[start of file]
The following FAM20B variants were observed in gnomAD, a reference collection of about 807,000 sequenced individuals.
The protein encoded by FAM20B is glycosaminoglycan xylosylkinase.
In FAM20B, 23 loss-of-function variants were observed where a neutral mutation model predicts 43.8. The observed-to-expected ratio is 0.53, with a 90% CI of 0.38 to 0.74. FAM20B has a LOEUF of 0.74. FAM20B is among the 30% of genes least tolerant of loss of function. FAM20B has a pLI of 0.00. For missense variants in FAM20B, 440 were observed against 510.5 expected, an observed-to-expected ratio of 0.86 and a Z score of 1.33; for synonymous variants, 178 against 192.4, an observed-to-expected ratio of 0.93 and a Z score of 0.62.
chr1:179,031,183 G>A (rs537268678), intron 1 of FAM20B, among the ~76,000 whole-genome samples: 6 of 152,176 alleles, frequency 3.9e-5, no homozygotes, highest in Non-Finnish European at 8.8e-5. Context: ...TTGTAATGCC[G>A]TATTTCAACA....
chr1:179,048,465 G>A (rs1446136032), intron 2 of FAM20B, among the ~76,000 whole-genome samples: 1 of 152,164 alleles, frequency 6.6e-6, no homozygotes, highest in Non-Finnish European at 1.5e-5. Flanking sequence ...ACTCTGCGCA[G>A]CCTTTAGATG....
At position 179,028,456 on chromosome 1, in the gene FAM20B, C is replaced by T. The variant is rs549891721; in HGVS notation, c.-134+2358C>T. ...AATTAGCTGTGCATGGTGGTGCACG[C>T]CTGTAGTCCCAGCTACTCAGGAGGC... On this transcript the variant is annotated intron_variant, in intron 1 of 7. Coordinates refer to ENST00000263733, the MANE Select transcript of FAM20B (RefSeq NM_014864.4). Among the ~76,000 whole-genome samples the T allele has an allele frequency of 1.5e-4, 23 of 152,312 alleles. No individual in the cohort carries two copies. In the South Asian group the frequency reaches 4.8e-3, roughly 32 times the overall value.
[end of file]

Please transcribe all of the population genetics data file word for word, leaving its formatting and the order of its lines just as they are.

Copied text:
The following FAM20B variants were observed in gnomAD, a reference collection of about 807,000 sequenced individuals.
The protein encoded by FAM20B is glycosaminoglycan xylosylkinase.
In FAM20B, 23 loss-of-function variants were observed where a neutral mutation model predicts 43.8. The observed-to-expected ratio is 0.53, with a 90% CI of 0.38 to 0.74. FAM20B has a LOEUF of 0.74. FAM20B is among the 30% of genes least tolerant of loss of function. FAM20B has a pLI of 0.00. For missense variants in FAM20B, 440 were observed against 510.5 expected, an observed-to-expected ratio of 0.86 and a Z score of 1.33; for synonymous variants, 178 against 192.4, an observed-to-expected ratio of 0.93 and a Z score of 0.62.
chr1:179,031,183 G>A (rs537268678), intron 1 of FAM20B, among the ~76,000 whole-genome samples: 6 of 152,176 alleles, frequency 3.9e-5, no homozygotes, highest in Non-Finnish European at 8.8e-5. Context: ...TTGTAATGCC[G>A]TATTTCAACA....
chr1:179,048,465 G>A (rs1446136032), intron 2 of FAM20B, among the ~76,000 whole-genome samples: 1 of 152,164 alleles, frequency 6.6e-6, no homozygotes, highest in Non-Finnish European at 1.5e-5. Flanking sequence ...ACTCTGCGCA[G>A]CCTTTAGATG....
At position 179,028,456 on chromosome 1, in the gene FAM20B, C is replaced by T. The variant is rs549891721; in HGVS notation, c.-134+2358C>T. ...AATTAGCTGTGCATGGTGGTGCACG[C>T]CTGTAGTCCCAGCTACTCAGGAGGC... On this transcript the variant is annotated intron_variant, in intron 1 of 7. Coordinates refer to ENST00000263733, the MANE Select transcript of FAM20B (RefSeq NM_014864.4). Among the ~76,000 whole-genome samples the T allele has an allele frequency of 1.5e-4, 23 of 152,312 alleles. No individual in the cohort carries two copies. In the South Asian group the frequency reaches 4.8e-3, roughly 32 times the overall value.